lawful war, and, as such, they were bound to grant indemnity to the sufferers. This is the principle upon which he bill has been rested by its friends, and the only principle upon which it can rest. Let us then, said Mr. B. inquire into the justice of this proposition. Had the enemy a right to burn and destroy the whole Niagara frontier, because most of the private houses were occupied as barracks and places of military deposite ” On this subject he concurred generally with the views of his friend from Virginia, (Mr. MEacer.) If this were established as a correct principle of national law, the consequence would be dreadful, and in many cases, the general devastation of the private property of unoffending individuals must inevitably ensue. War would no longer be a civil game between independent sovereigns; but each individual of the hostile nations would be liable to ruin, by the destruction of his property. I will illustrate my views, said Mr. B. by an example. Let an enemy land upon our shores and drive our army beyond the line of our fortifications, what would then be the consequence Private houses must of necessity be used as places of military deposite and as a shelter for the soldiers. Once, then, establish the principle embraced by this bill, and you justify an enemy in destroying and laying waste the whole country over which he advances. Nay, you do more; you offer him the strongest temptation to commit such outrages. Such, said Mr. B. has never been the practice of civilized nations; and he trusted this government would never sanction the propriety of such outrageous acts on the part of an enemy. Mr. B. said there was another view which this subject presents, which adds the guilt of perfidy to that of the violation of the laws of war. Whilst the village of Buf. falo still presented a hostile front to the enemy, a capitulation was entered into by Col. Chapin of our army, with Gen. Rial, who commanded the British forces. By that instrument, it was solemnly agreed “that private property and private persons should not he molested or injured.” Upon the faith of this capitulation the British forces entered the town. The testimony proves, that, before its date, they were well acquainted with the fact, that a large body of the United States’ troops had been quartered there, and that many of the houses were places of military deposite. With a full knowledge of those circumstances, they entered into the capitulation : What was then their subsequent conduct Instead of separating the military stores from the houses in which they were deposited; instead of destroying public and saving private property, they involved the whole village in one common conflagration. At the most inclement season of the year, in a northern climate, regardless of their faith, they set fire to the town, and drove its inhabitants to seek shelter and bread from the compassion of strangers. And this under pretence of what they well knew before the capitulation, that there were military stores deposited in many of the private houses. And yet this destruction is attempted to be justified by the laws of war established among civilized nations. Again, said Mr. B. pass this bill, and no member of the committee can form any just estimate of the number and amount of the claims to which it will give birth. The inhabitants of the Niagara frontier are neither better nor worse than their fellow countrymen. This bill is chiefly intended for their benefit. It is to embrace a tract of country of considerable extent, within which the whole mass of people feel a common interest in obtaining from the Government as much as possible. Self love, and the prejudices which necessarily, result from it, will induce them to bring every case in their power within the language of the law, and to place the highest value possible upon the property which was destoyed. This bill is without limit, and without bound; and what will be the extent of the appropriation necessary to carry it into effect, the committee cannot even conjecture.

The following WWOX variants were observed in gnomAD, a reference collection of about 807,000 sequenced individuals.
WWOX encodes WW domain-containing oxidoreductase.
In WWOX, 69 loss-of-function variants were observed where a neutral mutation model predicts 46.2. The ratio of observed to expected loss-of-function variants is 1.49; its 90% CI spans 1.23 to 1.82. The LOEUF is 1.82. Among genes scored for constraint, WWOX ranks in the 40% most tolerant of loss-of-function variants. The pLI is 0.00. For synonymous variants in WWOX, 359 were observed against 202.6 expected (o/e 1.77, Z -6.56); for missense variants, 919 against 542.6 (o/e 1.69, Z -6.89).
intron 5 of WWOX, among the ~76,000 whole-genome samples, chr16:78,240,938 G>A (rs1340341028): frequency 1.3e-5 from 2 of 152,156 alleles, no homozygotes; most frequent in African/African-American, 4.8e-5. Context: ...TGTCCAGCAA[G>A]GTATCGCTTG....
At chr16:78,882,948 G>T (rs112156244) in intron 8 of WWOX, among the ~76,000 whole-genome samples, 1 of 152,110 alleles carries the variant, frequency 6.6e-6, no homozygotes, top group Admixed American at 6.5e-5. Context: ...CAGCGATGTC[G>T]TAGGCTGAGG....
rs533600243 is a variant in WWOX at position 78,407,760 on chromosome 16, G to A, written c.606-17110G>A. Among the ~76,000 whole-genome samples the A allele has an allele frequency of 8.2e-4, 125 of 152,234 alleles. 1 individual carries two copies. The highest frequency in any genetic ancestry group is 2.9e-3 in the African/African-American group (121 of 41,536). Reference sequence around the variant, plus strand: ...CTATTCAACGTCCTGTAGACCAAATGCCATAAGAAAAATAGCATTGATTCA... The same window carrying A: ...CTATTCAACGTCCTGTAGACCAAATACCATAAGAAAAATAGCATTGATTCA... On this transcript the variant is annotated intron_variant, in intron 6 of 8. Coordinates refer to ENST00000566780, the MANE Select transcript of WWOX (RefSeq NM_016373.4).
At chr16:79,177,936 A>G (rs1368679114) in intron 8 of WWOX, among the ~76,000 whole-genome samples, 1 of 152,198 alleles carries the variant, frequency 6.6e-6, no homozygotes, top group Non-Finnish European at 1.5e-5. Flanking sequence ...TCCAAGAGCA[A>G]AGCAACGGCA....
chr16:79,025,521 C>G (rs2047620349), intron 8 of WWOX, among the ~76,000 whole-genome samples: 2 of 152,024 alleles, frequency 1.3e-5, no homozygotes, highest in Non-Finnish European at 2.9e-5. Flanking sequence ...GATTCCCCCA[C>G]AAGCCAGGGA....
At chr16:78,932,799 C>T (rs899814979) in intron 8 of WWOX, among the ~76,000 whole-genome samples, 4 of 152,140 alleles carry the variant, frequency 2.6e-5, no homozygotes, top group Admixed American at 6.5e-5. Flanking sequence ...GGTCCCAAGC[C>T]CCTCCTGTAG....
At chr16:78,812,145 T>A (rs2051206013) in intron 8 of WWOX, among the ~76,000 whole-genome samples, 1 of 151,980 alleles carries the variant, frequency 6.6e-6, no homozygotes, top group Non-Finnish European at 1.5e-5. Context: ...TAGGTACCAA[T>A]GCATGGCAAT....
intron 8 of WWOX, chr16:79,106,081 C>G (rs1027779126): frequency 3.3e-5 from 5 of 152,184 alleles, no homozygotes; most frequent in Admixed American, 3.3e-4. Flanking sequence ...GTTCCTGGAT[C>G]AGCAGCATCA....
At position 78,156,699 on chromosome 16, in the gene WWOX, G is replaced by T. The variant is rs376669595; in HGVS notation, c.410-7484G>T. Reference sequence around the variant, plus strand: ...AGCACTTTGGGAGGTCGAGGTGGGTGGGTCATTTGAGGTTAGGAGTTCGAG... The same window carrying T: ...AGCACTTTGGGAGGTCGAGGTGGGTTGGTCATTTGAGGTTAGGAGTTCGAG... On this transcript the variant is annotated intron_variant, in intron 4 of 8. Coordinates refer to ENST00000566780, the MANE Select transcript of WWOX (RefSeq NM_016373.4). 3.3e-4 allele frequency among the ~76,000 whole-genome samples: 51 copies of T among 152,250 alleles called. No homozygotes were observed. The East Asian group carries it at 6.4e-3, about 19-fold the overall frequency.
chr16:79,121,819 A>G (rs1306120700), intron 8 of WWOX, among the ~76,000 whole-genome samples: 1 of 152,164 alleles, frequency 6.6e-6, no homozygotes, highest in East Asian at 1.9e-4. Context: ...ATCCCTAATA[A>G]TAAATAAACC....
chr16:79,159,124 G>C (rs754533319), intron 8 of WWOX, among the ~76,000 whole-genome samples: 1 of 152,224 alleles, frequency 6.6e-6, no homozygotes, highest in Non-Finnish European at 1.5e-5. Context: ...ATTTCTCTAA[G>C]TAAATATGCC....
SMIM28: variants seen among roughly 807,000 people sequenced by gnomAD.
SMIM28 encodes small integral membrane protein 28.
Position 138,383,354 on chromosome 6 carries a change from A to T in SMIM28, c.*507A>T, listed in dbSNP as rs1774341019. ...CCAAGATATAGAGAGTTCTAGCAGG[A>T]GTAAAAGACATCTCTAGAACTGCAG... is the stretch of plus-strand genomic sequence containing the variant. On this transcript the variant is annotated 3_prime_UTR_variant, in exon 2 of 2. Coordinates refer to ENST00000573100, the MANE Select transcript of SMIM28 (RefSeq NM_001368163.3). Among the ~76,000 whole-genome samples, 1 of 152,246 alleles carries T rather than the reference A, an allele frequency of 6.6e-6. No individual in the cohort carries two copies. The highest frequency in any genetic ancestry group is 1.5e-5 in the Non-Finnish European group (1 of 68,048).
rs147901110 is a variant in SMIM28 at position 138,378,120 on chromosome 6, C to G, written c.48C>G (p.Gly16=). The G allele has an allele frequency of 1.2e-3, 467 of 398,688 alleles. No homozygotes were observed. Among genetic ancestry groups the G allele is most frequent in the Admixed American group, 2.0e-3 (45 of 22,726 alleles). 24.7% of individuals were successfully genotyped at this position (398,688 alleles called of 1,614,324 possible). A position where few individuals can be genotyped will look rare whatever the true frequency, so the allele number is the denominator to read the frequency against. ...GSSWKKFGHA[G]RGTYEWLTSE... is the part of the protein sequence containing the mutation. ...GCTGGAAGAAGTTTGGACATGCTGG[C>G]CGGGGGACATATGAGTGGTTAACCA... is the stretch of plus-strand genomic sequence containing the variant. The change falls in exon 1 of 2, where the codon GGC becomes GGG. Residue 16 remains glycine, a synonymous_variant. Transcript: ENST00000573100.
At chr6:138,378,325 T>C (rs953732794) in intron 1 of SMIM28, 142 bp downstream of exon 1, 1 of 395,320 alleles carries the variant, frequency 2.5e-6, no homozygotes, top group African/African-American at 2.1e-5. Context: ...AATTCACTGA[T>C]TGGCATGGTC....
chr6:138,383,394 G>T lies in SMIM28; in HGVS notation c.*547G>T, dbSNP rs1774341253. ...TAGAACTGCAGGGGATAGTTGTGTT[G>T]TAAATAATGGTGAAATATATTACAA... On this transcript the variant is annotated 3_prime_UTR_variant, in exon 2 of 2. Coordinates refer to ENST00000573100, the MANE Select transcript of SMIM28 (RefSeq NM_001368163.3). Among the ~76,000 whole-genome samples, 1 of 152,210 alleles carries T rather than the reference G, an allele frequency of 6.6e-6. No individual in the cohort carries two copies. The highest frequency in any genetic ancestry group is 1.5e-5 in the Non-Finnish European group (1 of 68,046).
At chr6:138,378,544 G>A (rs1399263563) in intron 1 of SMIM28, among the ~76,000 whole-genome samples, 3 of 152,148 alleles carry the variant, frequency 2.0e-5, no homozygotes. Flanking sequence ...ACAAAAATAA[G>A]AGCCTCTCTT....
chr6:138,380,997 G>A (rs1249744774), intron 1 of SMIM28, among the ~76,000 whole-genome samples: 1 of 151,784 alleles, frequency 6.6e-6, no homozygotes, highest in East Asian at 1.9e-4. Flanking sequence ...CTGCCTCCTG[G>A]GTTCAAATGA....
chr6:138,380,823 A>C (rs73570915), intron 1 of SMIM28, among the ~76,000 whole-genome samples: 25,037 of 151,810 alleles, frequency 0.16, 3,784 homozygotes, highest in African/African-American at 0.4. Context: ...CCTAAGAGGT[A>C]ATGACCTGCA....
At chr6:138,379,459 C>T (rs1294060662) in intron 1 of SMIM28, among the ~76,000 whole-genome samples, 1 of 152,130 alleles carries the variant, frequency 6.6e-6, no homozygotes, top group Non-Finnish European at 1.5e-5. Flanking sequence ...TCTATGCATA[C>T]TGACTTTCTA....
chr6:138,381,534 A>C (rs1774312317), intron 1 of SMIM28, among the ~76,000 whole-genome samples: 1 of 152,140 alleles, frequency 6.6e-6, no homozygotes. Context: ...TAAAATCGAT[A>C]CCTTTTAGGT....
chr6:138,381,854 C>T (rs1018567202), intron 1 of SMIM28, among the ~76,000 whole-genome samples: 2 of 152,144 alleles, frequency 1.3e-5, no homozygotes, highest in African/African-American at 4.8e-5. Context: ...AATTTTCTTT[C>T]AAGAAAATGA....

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Sir, said Mr. B. I may be asked if I am unwilling to afford these sufferers any relief? I answer, without hesitation, I am not. They have claims upon our generosity, not upon our justice. I would mitigate their calamities, not indemnity them for their losses. They have suffered more than the common misfortunes of war; they are therefore entitled to the compassion of a paternal government. I would grant them such relief as, whilst it would not be too burdensome on the Treasury, nor produce those ruinous consequences to the nation which must result from establishing as a principle that we will pay the value of private property destroyed by the enemy in violation .# the laws of war, might yet mitigate their sufferings. I believe l know several genulemen of the committee to be of the same opinion. I would give them 150,000 or 200,000 dollars, to be distributed pro rata, in full satisfaction of all demands. If, said Mr. B., you adopt a priciple of this nature, you will at once know the extent of your donation, and you will make it the interest of the sufferers themselves to watch over the claims of each other, and see that none are established except those which are supported by principles of justice. *